Chloe is a wise, courageous, inspiring practitioner of science and the arts - an experienced soul, I believe she has lived in this world many times before. Chloe is a large part of my life - she is not only based in my own network of healers and practitioners, we connect creatively on all levels (we can empathise as both MG & Aquarius') and she is also a dear friend who I get to spend summer holidays with in Perth. Chloe is available for naturopathic consultations, somatic practice or creative collaboration in Melbourne and digitally across Australia, if you are charmed to connect with her you can find her website at the end of this interview - I personally cannot recommend her enough. I hope you enjoy this inspiring read.
If you’re feeling uninspired, how do you transform your energy?
I feel inspiration comes when I make space for it. I may try to create that space by going for a slow walk or connecting to my body through movement or meditation. I also find op shops very inspiring. I like spending hours sifting through all the shelves and racks for objects, clothing, books or imagery in old postcards or records.
I am very aware of the conditions that make me feel uninspired – fatigue, overwork, or too much thinking/mental exertion. I'll first amend these states trusting inspiration will come once I have created the conditions for it.
What rituals do you have in place to take care of yourself?
- Connecting to my body daily through movement or a body centered practice
- Cooking / eating
- Including herbs in my daily life: Taking them medicinally in a tincture, drinking herbal teas, including them in cooking, bathing in them
- Doing things that bring me joy
- Having at least 1 day a month where I have no plans/objectives
- I also have a very decent network of body workers, healers, and teachers that support me. Working with my body and with trauma demands that I take care of myself so I can show up for clients and stay grounded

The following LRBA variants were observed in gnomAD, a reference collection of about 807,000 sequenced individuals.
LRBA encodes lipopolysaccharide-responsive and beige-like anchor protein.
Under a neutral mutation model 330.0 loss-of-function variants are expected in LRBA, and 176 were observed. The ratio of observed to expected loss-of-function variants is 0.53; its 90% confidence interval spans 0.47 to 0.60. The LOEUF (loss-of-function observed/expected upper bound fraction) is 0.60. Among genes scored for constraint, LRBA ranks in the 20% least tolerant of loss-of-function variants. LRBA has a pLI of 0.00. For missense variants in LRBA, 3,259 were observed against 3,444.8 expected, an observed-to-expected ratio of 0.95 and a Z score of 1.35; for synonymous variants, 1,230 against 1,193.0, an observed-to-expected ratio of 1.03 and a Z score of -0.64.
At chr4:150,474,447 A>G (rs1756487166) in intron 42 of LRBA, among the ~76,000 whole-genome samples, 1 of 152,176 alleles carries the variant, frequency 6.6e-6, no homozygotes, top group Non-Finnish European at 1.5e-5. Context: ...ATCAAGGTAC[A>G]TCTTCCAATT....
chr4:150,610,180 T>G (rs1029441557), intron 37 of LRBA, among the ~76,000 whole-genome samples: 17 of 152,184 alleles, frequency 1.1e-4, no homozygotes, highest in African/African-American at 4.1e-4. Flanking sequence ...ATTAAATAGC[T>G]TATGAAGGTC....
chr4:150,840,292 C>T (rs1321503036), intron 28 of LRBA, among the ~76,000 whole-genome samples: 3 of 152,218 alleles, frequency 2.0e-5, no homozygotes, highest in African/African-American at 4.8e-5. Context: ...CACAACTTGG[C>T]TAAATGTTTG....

Who has been an expansive influence to your career so far?
Jenny Dorrington, a shiatsu practitioner, teacher, and former director of the Australian Shiatsu College. Jenny made my studies incredibly accommodating to my life circumstances. Through this, she helped me embody how I can be moving through complex life circumstances, acknowledging my limitations, while also showing up in my work- and how there is worthiness and humanness there that is valuable to my practice and studies. She taught me that everything is a teacher if you let it be.
Her teaching method is very powerful, and taught me a lot about embodying knowledge, accountability, and mastering through action. She also reached out to me and encouraged me to apply for my current role at Foundation House which I am incredibly grateful for.
My mother, who has this beautiful and often frustrating quality of believing anything is possible. Sometimes I think she is quite delusional (albeit endearing). But lately I’m realising how grateful I am that I grew up with this energy. This woman has been in situations knowing the odds and outcomes were dire and just came out the other side like “I told you so, I am the 1%”. This is even more powerful considering her background was not one of privilege. I’m learning how I mistook her courage as avoidance, and I am realising, this is perhaps, because there is a part of me that couldn’t imagine such courage.